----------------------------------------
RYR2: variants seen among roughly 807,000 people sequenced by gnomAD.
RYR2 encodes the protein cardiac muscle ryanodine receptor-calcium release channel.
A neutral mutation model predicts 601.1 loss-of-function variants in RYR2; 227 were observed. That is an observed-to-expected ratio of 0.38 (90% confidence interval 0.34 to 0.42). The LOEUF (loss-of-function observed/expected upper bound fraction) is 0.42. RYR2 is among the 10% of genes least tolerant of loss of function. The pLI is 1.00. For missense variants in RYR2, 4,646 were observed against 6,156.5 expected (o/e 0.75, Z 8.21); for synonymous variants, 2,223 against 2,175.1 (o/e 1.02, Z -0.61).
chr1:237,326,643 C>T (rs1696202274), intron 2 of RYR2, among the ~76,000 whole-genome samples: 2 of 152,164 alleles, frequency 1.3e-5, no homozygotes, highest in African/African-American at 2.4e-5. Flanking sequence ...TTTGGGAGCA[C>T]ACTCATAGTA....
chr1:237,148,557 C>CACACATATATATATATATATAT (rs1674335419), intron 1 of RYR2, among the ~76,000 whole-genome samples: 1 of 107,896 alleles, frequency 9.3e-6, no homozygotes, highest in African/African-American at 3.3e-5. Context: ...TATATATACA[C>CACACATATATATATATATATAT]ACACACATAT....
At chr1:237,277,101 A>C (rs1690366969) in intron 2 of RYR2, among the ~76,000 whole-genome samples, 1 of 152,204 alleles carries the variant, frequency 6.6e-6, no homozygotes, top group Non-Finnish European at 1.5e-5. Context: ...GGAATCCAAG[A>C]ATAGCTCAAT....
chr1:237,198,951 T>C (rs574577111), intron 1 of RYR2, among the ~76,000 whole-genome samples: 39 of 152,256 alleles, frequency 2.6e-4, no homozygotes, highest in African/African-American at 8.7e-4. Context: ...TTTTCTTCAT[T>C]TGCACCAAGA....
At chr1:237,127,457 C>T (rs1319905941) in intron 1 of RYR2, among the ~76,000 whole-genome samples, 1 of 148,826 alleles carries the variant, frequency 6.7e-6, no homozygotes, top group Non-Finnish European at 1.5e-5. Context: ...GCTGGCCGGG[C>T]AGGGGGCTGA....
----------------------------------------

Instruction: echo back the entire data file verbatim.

RYR2: variants seen among roughly 807,000 people sequenced by gnomAD.
RYR2 encodes the protein cardiac muscle ryanodine receptor-calcium release channel.
A neutral mutation model predicts 601.1 loss-of-function variants in RYR2; 227 were observed. That is an observed-to-expected ratio of 0.38 (90% confidence interval 0.34 to 0.42). The LOEUF (loss-of-function observed/expected upper bound fraction) is 0.42. RYR2 is among the 10% of genes least tolerant of loss of function. The pLI is 1.00. For missense variants in RYR2, 4,646 were observed against 6,156.5 expected (o/e 0.75, Z 8.21); for synonymous variants, 2,223 against 2,175.1 (o/e 1.02, Z -0.61).
chr1:237,326,643 C>T (rs1696202274), intron 2 of RYR2, among the ~76,000 whole-genome samples: 2 of 152,164 alleles, frequency 1.3e-5, no homozygotes, highest in African/African-American at 2.4e-5. Flanking sequence ...TTTGGGAGCA[C>T]ACTCATAGTA....
chr1:237,148,557 C>CACACATATATATATATATATAT (rs1674335419), intron 1 of RYR2, among the ~76,000 whole-genome samples: 1 of 107,896 alleles, frequency 9.3e-6, no homozygotes, highest in African/African-American at 3.3e-5. Context: ...TATATATACA[C>CACACATATATATATATATATAT]ACACACATAT....
At chr1:237,277,101 A>C (rs1690366969) in intron 2 of RYR2, among the ~76,000 whole-genome samples, 1 of 152,204 alleles carries the variant, frequency 6.6e-6, no homozygotes, top group Non-Finnish European at 1.5e-5. Context: ...GGAATCCAAG[A>C]ATAGCTCAAT....
chr1:237,198,951 T>C (rs574577111), intron 1 of RYR2, among the ~76,000 whole-genome samples: 39 of 152,256 alleles, frequency 2.6e-4, no homozygotes, highest in African/African-American at 8.7e-4. Context: ...TTTTCTTCAT[T>C]TGCACCAAGA....
At chr1:237,127,457 C>T (rs1319905941) in intron 1 of RYR2, among the ~76,000 whole-genome samples, 1 of 148,826 alleles carries the variant, frequency 6.7e-6, no homozygotes, top group Non-Finnish European at 1.5e-5. Context: ...GCTGGCCGGG[C>T]AGGGGGCTGA....